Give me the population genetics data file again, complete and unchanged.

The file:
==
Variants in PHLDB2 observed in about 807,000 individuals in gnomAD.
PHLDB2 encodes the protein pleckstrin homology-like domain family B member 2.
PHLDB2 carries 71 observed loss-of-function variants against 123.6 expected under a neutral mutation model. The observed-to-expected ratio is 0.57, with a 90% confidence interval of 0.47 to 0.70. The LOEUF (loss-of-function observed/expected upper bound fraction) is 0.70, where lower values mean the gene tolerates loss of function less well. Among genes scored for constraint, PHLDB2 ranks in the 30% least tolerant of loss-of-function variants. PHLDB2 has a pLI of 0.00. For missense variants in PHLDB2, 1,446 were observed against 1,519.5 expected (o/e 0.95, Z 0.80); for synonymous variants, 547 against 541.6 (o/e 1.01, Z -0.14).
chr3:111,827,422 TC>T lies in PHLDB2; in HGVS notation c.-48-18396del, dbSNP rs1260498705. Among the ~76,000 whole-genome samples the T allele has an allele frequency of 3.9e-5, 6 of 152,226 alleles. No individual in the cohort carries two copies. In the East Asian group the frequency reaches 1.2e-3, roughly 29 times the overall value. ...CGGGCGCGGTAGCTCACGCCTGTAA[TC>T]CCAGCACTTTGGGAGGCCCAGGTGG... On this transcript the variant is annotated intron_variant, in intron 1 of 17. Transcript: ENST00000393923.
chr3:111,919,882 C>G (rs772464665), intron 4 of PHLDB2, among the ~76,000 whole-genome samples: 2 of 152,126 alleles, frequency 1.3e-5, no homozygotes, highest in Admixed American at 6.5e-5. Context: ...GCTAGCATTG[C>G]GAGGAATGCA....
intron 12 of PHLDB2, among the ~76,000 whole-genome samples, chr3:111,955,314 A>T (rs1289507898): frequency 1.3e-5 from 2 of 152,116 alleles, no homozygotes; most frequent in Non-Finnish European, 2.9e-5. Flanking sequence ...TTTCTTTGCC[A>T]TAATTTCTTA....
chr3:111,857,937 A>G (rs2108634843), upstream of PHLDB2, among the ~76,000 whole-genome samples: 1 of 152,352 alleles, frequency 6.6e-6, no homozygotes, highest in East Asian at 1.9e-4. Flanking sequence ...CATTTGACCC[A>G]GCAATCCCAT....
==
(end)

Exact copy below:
Variants in PHLDB2 observed in about 807,000 individuals in gnomAD.
PHLDB2 encodes the protein pleckstrin homology-like domain family B member 2.
PHLDB2 carries 71 observed loss-of-function variants against 123.6 expected under a neutral mutation model. The observed-to-expected ratio is 0.57, with a 90% confidence interval of 0.47 to 0.70. The LOEUF (loss-of-function observed/expected upper bound fraction) is 0.70, where lower values mean the gene tolerates loss of function less well. Among genes scored for constraint, PHLDB2 ranks in the 30% least tolerant of loss-of-function variants. PHLDB2 has a pLI of 0.00. For missense variants in PHLDB2, 1,446 were observed against 1,519.5 expected (o/e 0.95, Z 0.80); for synonymous variants, 547 against 541.6 (o/e 1.01, Z -0.14).
chr3:111,827,422 TC>T lies in PHLDB2; in HGVS notation c.-48-18396del, dbSNP rs1260498705. Among the ~76,000 whole-genome samples the T allele has an allele frequency of 3.9e-5, 6 of 152,226 alleles. No individual in the cohort carries two copies. In the East Asian group the frequency reaches 1.2e-3, roughly 29 times the overall value. ...CGGGCGCGGTAGCTCACGCCTGTAA[TC>T]CCAGCACTTTGGGAGGCCCAGGTGG... On this transcript the variant is annotated intron_variant, in intron 1 of 17. Transcript: ENST00000393923.
chr3:111,919,882 C>G (rs772464665), intron 4 of PHLDB2, among the ~76,000 whole-genome samples: 2 of 152,126 alleles, frequency 1.3e-5, no homozygotes, highest in Admixed American at 6.5e-5. Context: ...GCTAGCATTG[C>G]GAGGAATGCA....
intron 12 of PHLDB2, among the ~76,000 whole-genome samples, chr3:111,955,314 A>T (rs1289507898): frequency 1.3e-5 from 2 of 152,116 alleles, no homozygotes; most frequent in Non-Finnish European, 2.9e-5. Flanking sequence ...TTTCTTTGCC[A>T]TAATTTCTTA....
chr3:111,857,937 A>G (rs2108634843), upstream of PHLDB2, among the ~76,000 whole-genome samples: 1 of 152,352 alleles, frequency 6.6e-6, no homozygotes, highest in East Asian at 1.9e-4. Flanking sequence ...CATTTGACCC[A>G]GCAATCCCAT....